Sediment has been identified as a major cause of decline and destruction of coral reefs, world wide. Experts (M. Risk, pers. comm., 1995) estimate that percentages of reefs affected by siltation are:

Central America - 100%
Polynesia - 10%
Asia - nearly 100%
Worldwide - 60-70% of fringing reefs

Studies of coral reefs in the Australia indicate that terrestrial particulate organic carbon can be transported off-shore over distances of 110 km to reef locations (Risk et al., 1994). Sediment is largely produced by agricultural activities and from erosion of deforested lands. Sediment production from intensive logging of the island of Madagascar have killed the fringing reefs. Observations from space described the transition of Madagascar from an island of green in a sea of blue, to an island of brown in a sea of red (sediment).

Sediment as a chemical pollutant

The role of sediment in chemical pollution is tied both to the particle size of sediment, and to the amount of particulate organic carbon associated with the sediment. The chemically active fraction of sediment is usually cited as that portion which is smaller than 63 m m (silt + clay) fraction. For phosphorus and metals, particle size is of primary importance due to the large surface area of very small particles. Phosphorus and metals tend to be highly attracted to ionic exchange sites that are associated with clay particles and with the iron and manganese coatings that commonly occur on these small particles. Many of the persistent, bioaccumulating and toxic organic contaminants, especially chlorinated compounds including many pesticides, are strongly associated with sediment and especially with the organic carbon that is transported as part of the sediment load in rivers. Measurement of phosphorus transport in North America and Europe indicate that as much as 90% of the total phosphorus flux in rivers can be in association with suspended sediment.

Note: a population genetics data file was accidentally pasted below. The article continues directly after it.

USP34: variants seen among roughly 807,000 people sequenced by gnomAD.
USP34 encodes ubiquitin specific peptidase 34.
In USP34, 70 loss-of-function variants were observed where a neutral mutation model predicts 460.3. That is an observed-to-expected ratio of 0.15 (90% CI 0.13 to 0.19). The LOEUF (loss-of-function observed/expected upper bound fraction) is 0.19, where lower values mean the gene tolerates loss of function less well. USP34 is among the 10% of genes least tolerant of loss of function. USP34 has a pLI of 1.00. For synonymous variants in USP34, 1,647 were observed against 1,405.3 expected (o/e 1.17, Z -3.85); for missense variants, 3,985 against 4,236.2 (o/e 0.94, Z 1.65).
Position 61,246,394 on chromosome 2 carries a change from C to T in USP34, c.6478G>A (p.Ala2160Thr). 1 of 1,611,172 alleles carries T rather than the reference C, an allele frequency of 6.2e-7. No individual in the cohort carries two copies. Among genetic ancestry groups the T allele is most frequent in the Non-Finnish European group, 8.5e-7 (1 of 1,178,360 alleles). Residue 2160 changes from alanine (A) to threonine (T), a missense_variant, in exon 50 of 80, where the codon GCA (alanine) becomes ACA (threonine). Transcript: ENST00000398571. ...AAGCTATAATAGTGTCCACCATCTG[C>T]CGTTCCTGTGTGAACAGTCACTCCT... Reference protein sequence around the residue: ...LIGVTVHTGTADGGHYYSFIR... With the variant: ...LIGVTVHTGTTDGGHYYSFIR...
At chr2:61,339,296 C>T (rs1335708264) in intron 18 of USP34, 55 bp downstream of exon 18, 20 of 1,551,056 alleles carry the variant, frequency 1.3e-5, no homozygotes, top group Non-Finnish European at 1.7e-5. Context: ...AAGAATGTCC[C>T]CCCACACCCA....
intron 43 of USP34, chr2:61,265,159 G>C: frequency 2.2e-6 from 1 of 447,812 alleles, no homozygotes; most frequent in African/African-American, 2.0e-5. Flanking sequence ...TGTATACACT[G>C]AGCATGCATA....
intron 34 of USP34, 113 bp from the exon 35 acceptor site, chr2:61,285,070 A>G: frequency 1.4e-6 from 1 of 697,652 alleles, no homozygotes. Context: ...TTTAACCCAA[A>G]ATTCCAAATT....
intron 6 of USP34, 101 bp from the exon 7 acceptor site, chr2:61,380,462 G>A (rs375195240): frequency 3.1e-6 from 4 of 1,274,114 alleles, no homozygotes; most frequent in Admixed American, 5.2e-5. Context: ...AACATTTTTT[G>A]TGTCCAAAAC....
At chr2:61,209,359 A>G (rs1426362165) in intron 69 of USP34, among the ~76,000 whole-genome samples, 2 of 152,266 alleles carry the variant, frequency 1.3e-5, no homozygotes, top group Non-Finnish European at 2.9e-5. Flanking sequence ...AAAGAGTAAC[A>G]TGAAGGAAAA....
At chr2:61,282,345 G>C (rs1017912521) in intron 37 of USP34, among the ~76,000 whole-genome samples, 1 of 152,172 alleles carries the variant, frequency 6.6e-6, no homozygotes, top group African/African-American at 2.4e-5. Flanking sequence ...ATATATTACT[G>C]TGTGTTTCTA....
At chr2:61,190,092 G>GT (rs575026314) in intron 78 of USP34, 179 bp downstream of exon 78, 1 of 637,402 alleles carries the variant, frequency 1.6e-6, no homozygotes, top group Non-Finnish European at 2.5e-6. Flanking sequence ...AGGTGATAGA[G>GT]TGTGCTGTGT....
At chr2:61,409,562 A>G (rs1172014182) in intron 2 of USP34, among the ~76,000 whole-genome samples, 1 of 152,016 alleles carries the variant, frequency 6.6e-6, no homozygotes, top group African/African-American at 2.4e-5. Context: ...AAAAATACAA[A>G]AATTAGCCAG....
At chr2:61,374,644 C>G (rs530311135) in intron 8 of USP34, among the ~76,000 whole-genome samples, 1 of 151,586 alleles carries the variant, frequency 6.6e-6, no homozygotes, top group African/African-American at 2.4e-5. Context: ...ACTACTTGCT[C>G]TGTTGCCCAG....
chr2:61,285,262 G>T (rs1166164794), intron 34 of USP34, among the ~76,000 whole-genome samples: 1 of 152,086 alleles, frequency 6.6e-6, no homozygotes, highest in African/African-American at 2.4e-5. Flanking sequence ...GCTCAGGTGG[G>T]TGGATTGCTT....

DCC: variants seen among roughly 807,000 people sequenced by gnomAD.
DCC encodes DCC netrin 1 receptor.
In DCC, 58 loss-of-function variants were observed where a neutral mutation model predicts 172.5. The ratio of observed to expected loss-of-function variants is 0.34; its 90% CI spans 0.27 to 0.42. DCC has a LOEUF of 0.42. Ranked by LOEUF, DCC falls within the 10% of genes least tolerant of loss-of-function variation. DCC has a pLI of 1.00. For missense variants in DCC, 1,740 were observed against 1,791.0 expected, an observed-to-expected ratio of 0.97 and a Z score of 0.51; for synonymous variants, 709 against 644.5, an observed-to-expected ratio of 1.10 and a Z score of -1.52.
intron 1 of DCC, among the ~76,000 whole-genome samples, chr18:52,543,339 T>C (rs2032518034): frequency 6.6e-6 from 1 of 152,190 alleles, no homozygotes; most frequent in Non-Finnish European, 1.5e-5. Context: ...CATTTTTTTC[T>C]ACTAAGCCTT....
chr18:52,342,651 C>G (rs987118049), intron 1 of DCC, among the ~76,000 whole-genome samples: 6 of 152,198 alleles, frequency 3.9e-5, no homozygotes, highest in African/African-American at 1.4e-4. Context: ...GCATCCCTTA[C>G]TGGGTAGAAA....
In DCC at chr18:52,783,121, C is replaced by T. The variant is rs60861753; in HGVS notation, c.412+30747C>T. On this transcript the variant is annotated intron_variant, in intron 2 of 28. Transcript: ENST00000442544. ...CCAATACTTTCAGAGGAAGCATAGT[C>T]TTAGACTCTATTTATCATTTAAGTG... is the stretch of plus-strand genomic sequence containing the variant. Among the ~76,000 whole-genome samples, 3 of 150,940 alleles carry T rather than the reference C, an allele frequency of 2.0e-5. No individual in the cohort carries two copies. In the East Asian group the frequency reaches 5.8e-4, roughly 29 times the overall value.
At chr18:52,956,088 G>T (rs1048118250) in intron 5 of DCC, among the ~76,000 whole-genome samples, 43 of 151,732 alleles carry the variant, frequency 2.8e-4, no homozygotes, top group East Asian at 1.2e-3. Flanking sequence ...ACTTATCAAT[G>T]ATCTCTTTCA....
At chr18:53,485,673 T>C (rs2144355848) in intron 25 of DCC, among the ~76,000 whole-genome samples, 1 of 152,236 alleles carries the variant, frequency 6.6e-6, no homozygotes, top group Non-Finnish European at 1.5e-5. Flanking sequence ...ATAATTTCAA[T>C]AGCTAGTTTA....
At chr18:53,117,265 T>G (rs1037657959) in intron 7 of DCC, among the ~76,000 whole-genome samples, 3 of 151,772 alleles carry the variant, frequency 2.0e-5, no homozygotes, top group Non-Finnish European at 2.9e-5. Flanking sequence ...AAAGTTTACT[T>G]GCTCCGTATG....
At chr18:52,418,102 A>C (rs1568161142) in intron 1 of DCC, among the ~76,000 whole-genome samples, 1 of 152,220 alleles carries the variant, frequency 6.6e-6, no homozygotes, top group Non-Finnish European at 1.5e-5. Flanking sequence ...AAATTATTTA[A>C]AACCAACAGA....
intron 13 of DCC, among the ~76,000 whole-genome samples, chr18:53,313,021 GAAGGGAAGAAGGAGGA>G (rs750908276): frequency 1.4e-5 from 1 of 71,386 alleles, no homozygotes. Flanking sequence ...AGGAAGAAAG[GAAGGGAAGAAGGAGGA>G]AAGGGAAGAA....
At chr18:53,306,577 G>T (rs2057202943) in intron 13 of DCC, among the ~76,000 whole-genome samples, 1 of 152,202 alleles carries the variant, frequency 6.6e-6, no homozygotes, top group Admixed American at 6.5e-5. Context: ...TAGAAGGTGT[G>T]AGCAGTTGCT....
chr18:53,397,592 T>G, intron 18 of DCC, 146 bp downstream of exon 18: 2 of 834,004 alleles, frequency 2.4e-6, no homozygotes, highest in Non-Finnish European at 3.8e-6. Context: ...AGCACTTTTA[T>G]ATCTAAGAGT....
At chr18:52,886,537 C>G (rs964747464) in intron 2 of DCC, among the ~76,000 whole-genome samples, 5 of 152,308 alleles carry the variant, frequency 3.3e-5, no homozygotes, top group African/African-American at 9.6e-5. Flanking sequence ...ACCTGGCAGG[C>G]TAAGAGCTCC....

The affinity for particulate matter by an organic chemical is described by its octanol-water partitioning coefficient (KOW). This partitioning coefficient is well known for most organic chemicals and is the basis for predicting the environmental fate of organic chemicals (see Chapter 4). Chemicals with low values of KOW are readily soluble, whereas those with high values of KOW are described as "hydrophobic" and tend to be associated with particulates. Chlorinated compounds such as DDT and other chlorinated pesticides are very hydrophobic and are not, therefore, easily analysed in water samples due to the very low solubility of the chemical. For organic chemicals, the most important component of the sediment load appears to be the particulate organic carbon fraction which is transported as part of the sediment. Scientists have further refined the partitioning coefficient to describe the association with the organic carbon fraction (KOC).